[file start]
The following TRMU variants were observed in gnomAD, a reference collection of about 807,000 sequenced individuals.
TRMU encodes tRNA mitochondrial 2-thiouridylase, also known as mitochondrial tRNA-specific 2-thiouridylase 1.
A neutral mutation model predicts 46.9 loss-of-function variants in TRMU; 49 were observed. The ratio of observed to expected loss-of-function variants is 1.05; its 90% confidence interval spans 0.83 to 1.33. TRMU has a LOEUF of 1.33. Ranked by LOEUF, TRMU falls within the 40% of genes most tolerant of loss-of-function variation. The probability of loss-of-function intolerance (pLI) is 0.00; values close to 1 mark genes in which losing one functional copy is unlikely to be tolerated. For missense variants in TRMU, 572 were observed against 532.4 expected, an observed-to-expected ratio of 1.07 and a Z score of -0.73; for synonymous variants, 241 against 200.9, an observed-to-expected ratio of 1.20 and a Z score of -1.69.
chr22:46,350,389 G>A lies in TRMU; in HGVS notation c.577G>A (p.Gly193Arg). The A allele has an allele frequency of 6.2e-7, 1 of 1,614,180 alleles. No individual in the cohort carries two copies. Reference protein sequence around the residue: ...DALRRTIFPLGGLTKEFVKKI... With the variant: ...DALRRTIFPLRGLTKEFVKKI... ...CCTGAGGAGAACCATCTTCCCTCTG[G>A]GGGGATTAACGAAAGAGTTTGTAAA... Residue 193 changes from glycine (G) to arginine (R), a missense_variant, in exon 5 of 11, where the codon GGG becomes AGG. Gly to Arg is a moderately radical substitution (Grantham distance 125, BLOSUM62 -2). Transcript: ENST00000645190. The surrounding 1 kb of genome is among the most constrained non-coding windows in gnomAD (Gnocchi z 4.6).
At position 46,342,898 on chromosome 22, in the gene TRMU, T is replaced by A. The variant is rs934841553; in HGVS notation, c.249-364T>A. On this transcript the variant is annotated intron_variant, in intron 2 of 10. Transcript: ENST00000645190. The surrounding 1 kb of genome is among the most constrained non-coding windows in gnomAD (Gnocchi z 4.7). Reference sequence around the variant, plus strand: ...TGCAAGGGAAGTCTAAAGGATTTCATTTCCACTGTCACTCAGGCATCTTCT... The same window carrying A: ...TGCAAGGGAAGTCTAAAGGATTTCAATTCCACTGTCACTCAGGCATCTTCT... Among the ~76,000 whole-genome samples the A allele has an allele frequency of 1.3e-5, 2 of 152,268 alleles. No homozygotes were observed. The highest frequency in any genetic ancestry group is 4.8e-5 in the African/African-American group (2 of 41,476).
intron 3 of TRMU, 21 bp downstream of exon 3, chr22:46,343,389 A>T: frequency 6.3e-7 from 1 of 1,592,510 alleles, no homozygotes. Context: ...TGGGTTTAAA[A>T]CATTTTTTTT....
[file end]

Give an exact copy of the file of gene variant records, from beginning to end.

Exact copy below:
The following TRMU variants were observed in gnomAD, a reference collection of about 807,000 sequenced individuals.
TRMU encodes tRNA mitochondrial 2-thiouridylase, also known as mitochondrial tRNA-specific 2-thiouridylase 1.
A neutral mutation model predicts 46.9 loss-of-function variants in TRMU; 49 were observed. The ratio of observed to expected loss-of-function variants is 1.05; its 90% confidence interval spans 0.83 to 1.33. TRMU has a LOEUF of 1.33. Ranked by LOEUF, TRMU falls within the 40% of genes most tolerant of loss-of-function variation. The probability of loss-of-function intolerance (pLI) is 0.00; values close to 1 mark genes in which losing one functional copy is unlikely to be tolerated. For missense variants in TRMU, 572 were observed against 532.4 expected, an observed-to-expected ratio of 1.07 and a Z score of -0.73; for synonymous variants, 241 against 200.9, an observed-to-expected ratio of 1.20 and a Z score of -1.69.
chr22:46,350,389 G>A lies in TRMU; in HGVS notation c.577G>A (p.Gly193Arg). The A allele has an allele frequency of 6.2e-7, 1 of 1,614,180 alleles. No individual in the cohort carries two copies. Reference protein sequence around the residue: ...DALRRTIFPLGGLTKEFVKKI... With the variant: ...DALRRTIFPLRGLTKEFVKKI... ...CCTGAGGAGAACCATCTTCCCTCTG[G>A]GGGGATTAACGAAAGAGTTTGTAAA... Residue 193 changes from glycine (G) to arginine (R), a missense_variant, in exon 5 of 11, where the codon GGG becomes AGG. Gly to Arg is a moderately radical substitution (Grantham distance 125, BLOSUM62 -2). Transcript: ENST00000645190. The surrounding 1 kb of genome is among the most constrained non-coding windows in gnomAD (Gnocchi z 4.6).
At position 46,342,898 on chromosome 22, in the gene TRMU, T is replaced by A. The variant is rs934841553; in HGVS notation, c.249-364T>A. On this transcript the variant is annotated intron_variant, in intron 2 of 10. Transcript: ENST00000645190. The surrounding 1 kb of genome is among the most constrained non-coding windows in gnomAD (Gnocchi z 4.7). Reference sequence around the variant, plus strand: ...TGCAAGGGAAGTCTAAAGGATTTCATTTCCACTGTCACTCAGGCATCTTCT... The same window carrying A: ...TGCAAGGGAAGTCTAAAGGATTTCAATTCCACTGTCACTCAGGCATCTTCT... Among the ~76,000 whole-genome samples the A allele has an allele frequency of 1.3e-5, 2 of 152,268 alleles. No homozygotes were observed. The highest frequency in any genetic ancestry group is 4.8e-5 in the African/African-American group (2 of 41,476).
intron 3 of TRMU, 21 bp downstream of exon 3, chr22:46,343,389 A>T: frequency 6.3e-7 from 1 of 1,592,510 alleles, no homozygotes. Context: ...TGGGTTTAAA[A>T]CATTTTTTTT....